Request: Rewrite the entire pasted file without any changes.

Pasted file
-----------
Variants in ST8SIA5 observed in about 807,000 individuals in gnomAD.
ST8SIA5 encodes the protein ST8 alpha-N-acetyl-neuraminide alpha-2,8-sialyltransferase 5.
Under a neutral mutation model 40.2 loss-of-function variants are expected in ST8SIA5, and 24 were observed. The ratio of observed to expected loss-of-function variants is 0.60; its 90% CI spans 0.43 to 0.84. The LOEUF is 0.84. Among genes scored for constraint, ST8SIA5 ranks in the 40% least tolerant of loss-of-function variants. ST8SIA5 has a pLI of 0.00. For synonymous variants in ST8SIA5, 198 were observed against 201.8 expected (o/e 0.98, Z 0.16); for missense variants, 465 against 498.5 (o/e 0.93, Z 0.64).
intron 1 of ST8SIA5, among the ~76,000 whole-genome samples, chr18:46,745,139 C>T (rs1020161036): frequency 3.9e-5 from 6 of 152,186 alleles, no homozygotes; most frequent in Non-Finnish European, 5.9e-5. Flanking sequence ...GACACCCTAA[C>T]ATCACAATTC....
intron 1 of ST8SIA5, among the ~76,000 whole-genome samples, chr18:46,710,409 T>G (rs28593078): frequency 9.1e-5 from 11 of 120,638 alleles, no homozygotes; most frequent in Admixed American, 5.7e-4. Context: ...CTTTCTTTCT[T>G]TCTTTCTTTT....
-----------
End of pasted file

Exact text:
Variants in ST8SIA5 observed in about 807,000 individuals in gnomAD.
ST8SIA5 encodes the protein ST8 alpha-N-acetyl-neuraminide alpha-2,8-sialyltransferase 5.
Under a neutral mutation model 40.2 loss-of-function variants are expected in ST8SIA5, and 24 were observed. The ratio of observed to expected loss-of-function variants is 0.60; its 90% CI spans 0.43 to 0.84. The LOEUF is 0.84. Among genes scored for constraint, ST8SIA5 ranks in the 40% least tolerant of loss-of-function variants. ST8SIA5 has a pLI of 0.00. For synonymous variants in ST8SIA5, 198 were observed against 201.8 expected (o/e 0.98, Z 0.16); for missense variants, 465 against 498.5 (o/e 0.93, Z 0.64).
intron 1 of ST8SIA5, among the ~76,000 whole-genome samples, chr18:46,745,139 C>T (rs1020161036): frequency 3.9e-5 from 6 of 152,186 alleles, no homozygotes; most frequent in Non-Finnish European, 5.9e-5. Flanking sequence ...GACACCCTAA[C>T]ATCACAATTC....
intron 1 of ST8SIA5, among the ~76,000 whole-genome samples, chr18:46,710,409 T>G (rs28593078): frequency 9.1e-5 from 11 of 120,638 alleles, no homozygotes; most frequent in Admixed American, 5.7e-4. Context: ...CTTTCTTTCT[T>G]TCTTTCTTTT....